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1/5th Dizzy?

Dizzy Gillespie, pianist Thelonious Monk, bassist Oscar Pettiford, and drummer Kenny "Klook-Mop" Clarke often jammed together at Minton's Playhouse in Harlem, creating the music which would come to be called bebop. Gillespie was also fashioning a bebop look (a goatee, horn-rimmed glasses and a beret) and lingo. "Musically, we were changing the way we spoke to reflect the way we felt," Dizzy once explained. "New phrasing came in with the new accent."

Musically, the genre was characterized by constant improvisation, lightning tempo and a harmonic scale marked by a preponderance of flat notes. And socially? Gillespie once explained things thus: "We don't flat our fifths, we drink them!"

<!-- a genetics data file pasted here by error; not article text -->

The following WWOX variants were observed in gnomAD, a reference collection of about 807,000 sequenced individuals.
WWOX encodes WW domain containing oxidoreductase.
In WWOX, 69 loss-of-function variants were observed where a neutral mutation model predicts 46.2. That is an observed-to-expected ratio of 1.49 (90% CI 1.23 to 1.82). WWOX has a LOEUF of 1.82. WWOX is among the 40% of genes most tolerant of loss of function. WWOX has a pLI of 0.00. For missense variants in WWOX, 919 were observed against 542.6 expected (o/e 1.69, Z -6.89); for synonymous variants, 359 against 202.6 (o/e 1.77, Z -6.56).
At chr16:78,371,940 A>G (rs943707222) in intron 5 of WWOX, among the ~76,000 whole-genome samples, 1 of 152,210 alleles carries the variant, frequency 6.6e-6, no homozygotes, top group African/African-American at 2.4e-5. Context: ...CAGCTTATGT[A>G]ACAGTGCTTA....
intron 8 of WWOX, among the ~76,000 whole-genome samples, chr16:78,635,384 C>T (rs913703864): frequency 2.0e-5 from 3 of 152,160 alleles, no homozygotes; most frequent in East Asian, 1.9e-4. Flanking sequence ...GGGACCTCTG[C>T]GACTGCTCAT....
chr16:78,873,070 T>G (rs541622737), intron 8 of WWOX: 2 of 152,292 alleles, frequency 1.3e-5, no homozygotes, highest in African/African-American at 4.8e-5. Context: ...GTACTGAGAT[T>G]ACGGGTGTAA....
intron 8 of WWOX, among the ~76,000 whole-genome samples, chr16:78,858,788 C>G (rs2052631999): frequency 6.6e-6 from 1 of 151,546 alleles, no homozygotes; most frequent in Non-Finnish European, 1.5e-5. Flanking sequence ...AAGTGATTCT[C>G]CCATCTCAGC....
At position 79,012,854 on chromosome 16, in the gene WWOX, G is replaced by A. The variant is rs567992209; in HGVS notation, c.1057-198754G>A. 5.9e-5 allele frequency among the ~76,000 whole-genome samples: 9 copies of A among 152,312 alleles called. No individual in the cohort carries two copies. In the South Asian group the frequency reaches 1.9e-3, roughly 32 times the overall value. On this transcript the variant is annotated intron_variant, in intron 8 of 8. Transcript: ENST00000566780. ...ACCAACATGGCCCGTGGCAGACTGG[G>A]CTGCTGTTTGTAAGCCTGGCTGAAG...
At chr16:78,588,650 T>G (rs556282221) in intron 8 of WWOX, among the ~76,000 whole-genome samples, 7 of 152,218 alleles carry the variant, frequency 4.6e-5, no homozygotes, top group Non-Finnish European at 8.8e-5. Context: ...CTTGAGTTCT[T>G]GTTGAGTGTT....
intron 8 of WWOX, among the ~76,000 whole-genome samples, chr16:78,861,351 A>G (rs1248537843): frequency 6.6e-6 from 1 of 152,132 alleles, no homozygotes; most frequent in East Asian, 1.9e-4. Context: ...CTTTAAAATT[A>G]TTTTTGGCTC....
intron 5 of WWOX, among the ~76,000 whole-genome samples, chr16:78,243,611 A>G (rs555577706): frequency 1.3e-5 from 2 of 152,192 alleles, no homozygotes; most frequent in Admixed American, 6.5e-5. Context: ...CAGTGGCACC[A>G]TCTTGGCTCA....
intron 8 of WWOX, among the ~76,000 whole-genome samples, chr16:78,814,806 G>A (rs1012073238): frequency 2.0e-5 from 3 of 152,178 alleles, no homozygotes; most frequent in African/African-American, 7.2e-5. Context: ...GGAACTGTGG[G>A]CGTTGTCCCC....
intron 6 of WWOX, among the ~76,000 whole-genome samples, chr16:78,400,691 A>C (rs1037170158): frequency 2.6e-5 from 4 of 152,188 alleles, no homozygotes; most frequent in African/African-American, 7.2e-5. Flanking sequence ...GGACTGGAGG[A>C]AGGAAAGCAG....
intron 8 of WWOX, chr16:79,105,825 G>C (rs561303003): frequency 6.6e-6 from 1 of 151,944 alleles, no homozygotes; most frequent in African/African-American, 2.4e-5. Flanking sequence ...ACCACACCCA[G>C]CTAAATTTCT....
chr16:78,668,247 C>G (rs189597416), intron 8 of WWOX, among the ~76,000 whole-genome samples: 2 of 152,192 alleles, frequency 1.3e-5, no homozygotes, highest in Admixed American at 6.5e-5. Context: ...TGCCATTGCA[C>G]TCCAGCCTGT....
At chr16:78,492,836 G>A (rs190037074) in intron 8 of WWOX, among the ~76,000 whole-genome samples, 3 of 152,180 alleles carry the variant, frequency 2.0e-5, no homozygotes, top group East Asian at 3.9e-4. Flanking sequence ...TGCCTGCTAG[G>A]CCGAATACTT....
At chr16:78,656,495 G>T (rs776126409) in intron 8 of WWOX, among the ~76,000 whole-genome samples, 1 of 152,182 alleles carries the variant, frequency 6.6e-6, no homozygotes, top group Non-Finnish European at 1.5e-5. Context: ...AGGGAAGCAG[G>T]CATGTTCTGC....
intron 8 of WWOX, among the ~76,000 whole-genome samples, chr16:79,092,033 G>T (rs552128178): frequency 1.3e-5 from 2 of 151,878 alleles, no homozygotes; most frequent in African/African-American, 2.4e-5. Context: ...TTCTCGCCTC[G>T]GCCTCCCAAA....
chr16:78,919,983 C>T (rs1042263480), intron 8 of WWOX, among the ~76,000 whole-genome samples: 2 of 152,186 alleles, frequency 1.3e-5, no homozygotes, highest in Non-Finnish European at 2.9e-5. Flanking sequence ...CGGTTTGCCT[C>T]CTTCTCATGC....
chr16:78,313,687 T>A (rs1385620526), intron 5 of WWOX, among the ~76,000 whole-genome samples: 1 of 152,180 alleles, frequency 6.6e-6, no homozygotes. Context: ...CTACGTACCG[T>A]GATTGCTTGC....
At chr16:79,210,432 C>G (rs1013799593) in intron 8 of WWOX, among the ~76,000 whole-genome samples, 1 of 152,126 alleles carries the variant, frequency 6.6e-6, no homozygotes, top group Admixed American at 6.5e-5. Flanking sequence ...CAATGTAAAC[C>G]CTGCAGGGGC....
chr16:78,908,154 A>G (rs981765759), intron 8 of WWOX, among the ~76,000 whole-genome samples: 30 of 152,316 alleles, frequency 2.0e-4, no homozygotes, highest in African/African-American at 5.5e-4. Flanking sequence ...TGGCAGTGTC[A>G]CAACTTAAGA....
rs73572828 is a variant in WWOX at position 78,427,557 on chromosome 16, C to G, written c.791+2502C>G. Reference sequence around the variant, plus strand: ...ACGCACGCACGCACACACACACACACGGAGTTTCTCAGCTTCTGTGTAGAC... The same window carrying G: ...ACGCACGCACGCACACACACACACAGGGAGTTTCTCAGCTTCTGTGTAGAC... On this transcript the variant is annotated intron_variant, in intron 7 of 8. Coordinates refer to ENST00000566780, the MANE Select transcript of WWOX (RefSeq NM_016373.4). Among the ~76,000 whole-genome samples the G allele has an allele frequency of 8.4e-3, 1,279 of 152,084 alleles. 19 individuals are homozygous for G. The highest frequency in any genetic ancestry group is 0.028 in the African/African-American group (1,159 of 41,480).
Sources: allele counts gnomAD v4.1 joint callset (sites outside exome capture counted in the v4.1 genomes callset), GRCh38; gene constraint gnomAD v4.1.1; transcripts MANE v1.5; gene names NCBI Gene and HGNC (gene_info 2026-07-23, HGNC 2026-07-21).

[Gillespie's virtuosity was legendary. Said trumpeter Graham Haynes (son of Gillespie collaborator Roy Haynes): "Dizzy scared the living s--- out of me. I felt like--I'll never be able to play like that. The licks were flying around at 200 miles an hour. I don't know how he did it."]

[When James Moody first auditioned to play with Gillespie and Charlie Parker, he didn't make it. The reason? He didn't play loud enough!]

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